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Morning Briefing: LA Teachers Speak Out

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Good morning, L.A.

LA’s public school students are unlikely to return to campus any time soon, as the county remains in the most restrictive reopening tier. But teachers and administrators are still thinking through what a return to campus might look like, so they’re ready when it finally happens.

Yesterday, the union that represents teachers detailed some of their requirements for in-person learning.Those requirements include not teaching students remotely and in-person at the same time, with some students logging on from home and some in the classroom; no roving teachers or students; and keeping cohorts of students isolated from one another.

Despite the many challenges to virtual schooling, union teachers would prefer to have students continue the distance learning they’ve been doing so far, rather than try to reinvent the wheel… again.

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“A potential physical return would have to use a hybrid schedule,” said United Teachers Los Angeles President Cecily Myart-Cruz, “and frankly, there is no such thing as a good hybrid schedule.”

Keep reading for more on what’s happening in L.A. today, and stay safe out there.

Jessica P. Ogilvie


The Past 24 Hours In LA

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Race In L.A.: LAist contributor Rashad Al-Dabbagh writes about why he pushed for a separate census identity box for his fellow Arab Americans.

Coronavirus: Tobin Nichols contracted COVID-19 eight months ago, and is still dealing with lingering lung/breathing issues and what he calls "COVID brain fog." L.A. County’s limited stay-at-home order begins tonight, and restaurants and bars are preparing for it.

Election 2020: Republican Congressman Mike Garcia’s lead over State Assemblymember Christy Smith in the race for California’s 25th Congressional District is incredibly slim.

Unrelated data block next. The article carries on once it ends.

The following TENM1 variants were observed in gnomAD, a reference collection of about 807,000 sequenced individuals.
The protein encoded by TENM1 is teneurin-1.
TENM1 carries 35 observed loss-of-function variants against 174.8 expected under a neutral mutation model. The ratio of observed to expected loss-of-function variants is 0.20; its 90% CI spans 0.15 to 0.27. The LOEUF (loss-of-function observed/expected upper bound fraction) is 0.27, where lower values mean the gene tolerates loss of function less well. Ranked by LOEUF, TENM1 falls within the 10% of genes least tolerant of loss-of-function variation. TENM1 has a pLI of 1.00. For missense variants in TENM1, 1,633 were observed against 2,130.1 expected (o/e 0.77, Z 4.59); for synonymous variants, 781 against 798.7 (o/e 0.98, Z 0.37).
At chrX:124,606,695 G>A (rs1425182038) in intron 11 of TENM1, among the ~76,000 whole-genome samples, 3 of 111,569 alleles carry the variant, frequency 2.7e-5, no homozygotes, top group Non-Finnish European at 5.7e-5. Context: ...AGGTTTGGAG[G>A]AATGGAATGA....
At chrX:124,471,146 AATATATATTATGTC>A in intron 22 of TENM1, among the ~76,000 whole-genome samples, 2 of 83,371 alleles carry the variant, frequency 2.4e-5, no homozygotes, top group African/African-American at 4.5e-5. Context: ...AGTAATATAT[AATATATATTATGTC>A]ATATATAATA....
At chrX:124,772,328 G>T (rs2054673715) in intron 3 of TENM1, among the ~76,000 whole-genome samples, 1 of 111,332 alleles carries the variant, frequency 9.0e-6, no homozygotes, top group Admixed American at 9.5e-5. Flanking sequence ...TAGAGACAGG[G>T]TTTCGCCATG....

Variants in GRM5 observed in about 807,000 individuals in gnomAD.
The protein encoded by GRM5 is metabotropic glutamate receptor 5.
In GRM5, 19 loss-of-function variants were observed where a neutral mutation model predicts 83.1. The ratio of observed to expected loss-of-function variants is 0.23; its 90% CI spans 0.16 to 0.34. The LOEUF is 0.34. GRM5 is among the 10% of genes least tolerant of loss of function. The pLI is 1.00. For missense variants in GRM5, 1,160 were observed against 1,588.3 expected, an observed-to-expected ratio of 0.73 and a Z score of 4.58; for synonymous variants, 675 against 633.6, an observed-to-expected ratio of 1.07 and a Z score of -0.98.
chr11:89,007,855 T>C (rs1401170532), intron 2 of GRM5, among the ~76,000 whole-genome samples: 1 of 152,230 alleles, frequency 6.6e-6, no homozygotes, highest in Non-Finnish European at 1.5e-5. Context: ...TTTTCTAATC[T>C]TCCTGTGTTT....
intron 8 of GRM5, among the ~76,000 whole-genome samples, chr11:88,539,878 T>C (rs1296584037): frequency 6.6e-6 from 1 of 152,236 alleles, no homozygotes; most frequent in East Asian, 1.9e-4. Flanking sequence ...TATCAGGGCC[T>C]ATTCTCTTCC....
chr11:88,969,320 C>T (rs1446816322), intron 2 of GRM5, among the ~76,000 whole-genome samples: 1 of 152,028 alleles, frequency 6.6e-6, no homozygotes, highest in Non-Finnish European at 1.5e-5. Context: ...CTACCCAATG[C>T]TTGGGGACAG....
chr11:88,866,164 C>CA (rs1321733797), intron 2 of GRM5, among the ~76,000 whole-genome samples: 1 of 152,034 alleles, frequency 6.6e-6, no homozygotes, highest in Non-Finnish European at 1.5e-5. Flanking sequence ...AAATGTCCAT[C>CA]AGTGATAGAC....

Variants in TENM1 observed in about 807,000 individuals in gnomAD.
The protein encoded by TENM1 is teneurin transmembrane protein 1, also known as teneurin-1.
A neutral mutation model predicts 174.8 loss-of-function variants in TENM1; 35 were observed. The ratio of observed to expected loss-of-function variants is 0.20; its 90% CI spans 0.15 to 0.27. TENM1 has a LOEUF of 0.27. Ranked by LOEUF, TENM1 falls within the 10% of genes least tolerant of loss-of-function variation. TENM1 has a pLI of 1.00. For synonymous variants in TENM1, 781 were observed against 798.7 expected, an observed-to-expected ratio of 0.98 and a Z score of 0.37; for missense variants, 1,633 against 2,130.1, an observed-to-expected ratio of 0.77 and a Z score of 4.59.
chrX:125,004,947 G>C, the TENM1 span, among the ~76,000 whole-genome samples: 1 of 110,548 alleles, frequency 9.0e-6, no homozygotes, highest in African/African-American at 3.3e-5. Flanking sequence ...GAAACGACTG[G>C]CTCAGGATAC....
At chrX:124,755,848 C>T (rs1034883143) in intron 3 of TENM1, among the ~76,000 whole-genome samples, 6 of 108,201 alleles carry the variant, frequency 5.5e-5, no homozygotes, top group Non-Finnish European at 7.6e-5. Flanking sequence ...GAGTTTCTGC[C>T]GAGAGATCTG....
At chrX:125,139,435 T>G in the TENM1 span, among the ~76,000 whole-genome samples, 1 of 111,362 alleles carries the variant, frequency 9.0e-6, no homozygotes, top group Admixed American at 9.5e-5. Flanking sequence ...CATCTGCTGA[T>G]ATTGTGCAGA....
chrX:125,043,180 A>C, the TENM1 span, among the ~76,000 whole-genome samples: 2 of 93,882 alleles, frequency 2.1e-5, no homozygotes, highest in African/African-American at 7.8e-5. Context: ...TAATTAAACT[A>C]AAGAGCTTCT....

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Weekend Reads

There's a lot going on in the world right now, and it’s hard enough to keep up with our day-to-day lives, let alone to stay current on the news. But if you have some time this weekend, here’s what you may have missed:

USC’s much-heralded Trojan Marching Band is steeped in racism and toxic culture, according to students and alumni. (The Daily Trojan)

Native American elder Alan Salazar uses storytelling to teach Southern Californians of all ages about his ancestral tribes, the Chumash and the Tataviam. (San Gabriel Valley Tribune)

Pasadena’s annual Doo Dah Parade is always an eccentric event, and this year’s promises to be even weirder. (Pasadena Now)

A public art display of L.A.’s old street lights is moving from its longstanding location at Vermont and Santa Monica to a location a few blocks away. (The Eastsider)

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This L.A. writer traced her history back to Belarus and rediscovered her ancestral land. (The LAnd)

A committee of Black men dedicated to equality in education are pushing for immediate action to combat implicit bias towards young learners. (L.A. Sentinel)

Love and loss take center stage in a local Salvadoran poet’s new book. (L.A. Taco)


Photo of the Day

Artwork projected on windows is seen during the "Visions In Light: Windows On The Wallis" at Wallis Annenberg Center for the Performing Arts.

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(Photo by Jean Baptiste Lacroix/Getty Images)

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The news cycle moves fast. Some stories don't pan out. Others get added. Consider this today's first draft, and check LAist.com for updates on these stories and more. Follow us on Twitter, Facebook and Instagram.


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